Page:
Image 1 by Anselm Ebulue

Anselm Ebulue Q&A

Anselm Ebulue talks photography with TheBlkGaze.

I see the Black gaze as an alternate or oppositional perspective and viewpoint on account of my/our own experiences and reality.

But it also requires work. It requires a certain vigilance and an understanding that the dominant way of perceiving anything is often at the cost of Black people.

How does this relate to your photography practice?

If I take this into account then it requires me to ask questions of myself and my motives, to question who the work is for, whose reception of the work is most important and to look at the ways I represent anything in the frame, whether they are people or even just themes or symbols.

What do you want to say or address with your photography?

At present, due to the project I’m currently working on I’m interested in how I apply introspection to what I communicate through my work. It’s an ongoing headache.

Image 2 by Anselm Ebulue

What influences and inspires you? How is this reflected in your work?

I like to read when I can. I read a lot of non-fiction, I’m interested in history and philosophy. I’ve started to read more poetry too, which I think shares some parallels with photography in how you can communicate more than what is physically in the frame or the ink on the page in such a way that feels profound and striking.

Those parallels are things I think about when I’m walking around and thinking about why I want to put my camera in a particular spot.

Who are your favourite Black photographers from the past? Why?

To be honest, the majority of my favourite Black photographers are still working today, but I like the work of Gordon Parks, Roy DeCarava and Rotimi Fani-Kayode.

I consider myself mostly ignorant to a lot of the work out there by Black image makers and that’s in a large part due to the nature of Western education. So I’m always keen to discover Black artists I’m not aware of.

Image 3 by Anselm Ebulue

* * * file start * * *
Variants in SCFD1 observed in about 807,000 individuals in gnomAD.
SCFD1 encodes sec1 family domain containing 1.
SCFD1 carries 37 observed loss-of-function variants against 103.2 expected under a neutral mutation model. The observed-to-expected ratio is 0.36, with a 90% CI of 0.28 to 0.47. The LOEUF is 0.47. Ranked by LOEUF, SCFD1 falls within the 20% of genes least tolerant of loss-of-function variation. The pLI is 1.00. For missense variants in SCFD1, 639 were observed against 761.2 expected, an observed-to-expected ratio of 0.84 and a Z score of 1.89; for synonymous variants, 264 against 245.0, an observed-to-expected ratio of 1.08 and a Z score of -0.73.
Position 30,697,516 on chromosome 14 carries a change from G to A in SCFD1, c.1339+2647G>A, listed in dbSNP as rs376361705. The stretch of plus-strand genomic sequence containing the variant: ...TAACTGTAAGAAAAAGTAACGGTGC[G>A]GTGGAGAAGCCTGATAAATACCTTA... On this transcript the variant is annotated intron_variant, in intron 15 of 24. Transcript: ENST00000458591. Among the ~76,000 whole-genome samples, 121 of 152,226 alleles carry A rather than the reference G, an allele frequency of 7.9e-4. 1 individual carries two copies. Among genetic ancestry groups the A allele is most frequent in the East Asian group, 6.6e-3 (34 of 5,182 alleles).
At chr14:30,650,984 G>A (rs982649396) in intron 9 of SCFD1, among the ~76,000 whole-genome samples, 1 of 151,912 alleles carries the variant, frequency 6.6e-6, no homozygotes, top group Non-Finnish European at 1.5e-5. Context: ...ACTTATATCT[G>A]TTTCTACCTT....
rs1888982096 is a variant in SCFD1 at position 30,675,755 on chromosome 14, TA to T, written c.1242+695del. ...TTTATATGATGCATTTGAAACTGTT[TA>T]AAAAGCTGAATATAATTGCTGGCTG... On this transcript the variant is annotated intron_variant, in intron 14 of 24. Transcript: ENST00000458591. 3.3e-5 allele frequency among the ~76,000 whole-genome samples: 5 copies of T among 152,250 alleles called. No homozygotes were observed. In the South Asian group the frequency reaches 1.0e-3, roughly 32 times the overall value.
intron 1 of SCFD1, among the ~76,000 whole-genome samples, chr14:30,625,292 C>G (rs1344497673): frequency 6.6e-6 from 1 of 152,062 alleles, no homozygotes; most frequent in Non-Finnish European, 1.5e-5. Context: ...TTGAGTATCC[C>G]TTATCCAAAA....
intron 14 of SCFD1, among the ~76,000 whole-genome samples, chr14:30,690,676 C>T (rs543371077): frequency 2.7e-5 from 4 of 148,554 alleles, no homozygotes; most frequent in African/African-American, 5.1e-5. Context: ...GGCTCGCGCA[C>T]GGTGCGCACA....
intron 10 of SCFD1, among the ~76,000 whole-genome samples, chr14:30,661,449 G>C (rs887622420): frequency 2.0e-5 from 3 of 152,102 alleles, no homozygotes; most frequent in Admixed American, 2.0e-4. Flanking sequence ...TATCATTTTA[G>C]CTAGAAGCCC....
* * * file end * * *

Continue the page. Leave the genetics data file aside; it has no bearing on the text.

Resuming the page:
Please describe the highs and lows of your experience as a Black photographer?

Ironically I wouldn’t have been able to progress as far as I have as a photographer if I hadn’t been made redundant a couple of years ago. Essentially the lows stem from constant self-doubt as well as the understanding that it’s extremely difficult to make a living as a photographer and that it probably isn’t sustainable for me.

I’ve had some really wholesome moments over the last couple of years, but really the highs stem from whenever I’m working, whether on assignment or on personal work and recently in connecting with more photographers over the past year through social media and feeling part of a larger network.

Image 4 by Anselm Ebulue

What work are you producing and what more would you like to do?

I’m currently working on a project about my personal relationship with the the area I grew up in.

My hope is to study a Master’s degree later this year.

About Anselm Ebulue

London-based Anselm Ebulue is a portrait and documentary photographer. He was a winner in the 2018 Portrait of Britain award and was featured in the accompanying book published by Hoxton Mini Press.

He is a regular contributor for The Guardian and was awarded the 2019 scholarship for the Magnum Intensive Documentary short course. He was recently selected as a winner in the 2020 Portrait of Britain award.

You can find more of Anselm’s work on his website and Instagram account.

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The Q&A is an ongoing discussion open to Black photographers of all ages, genders and genres.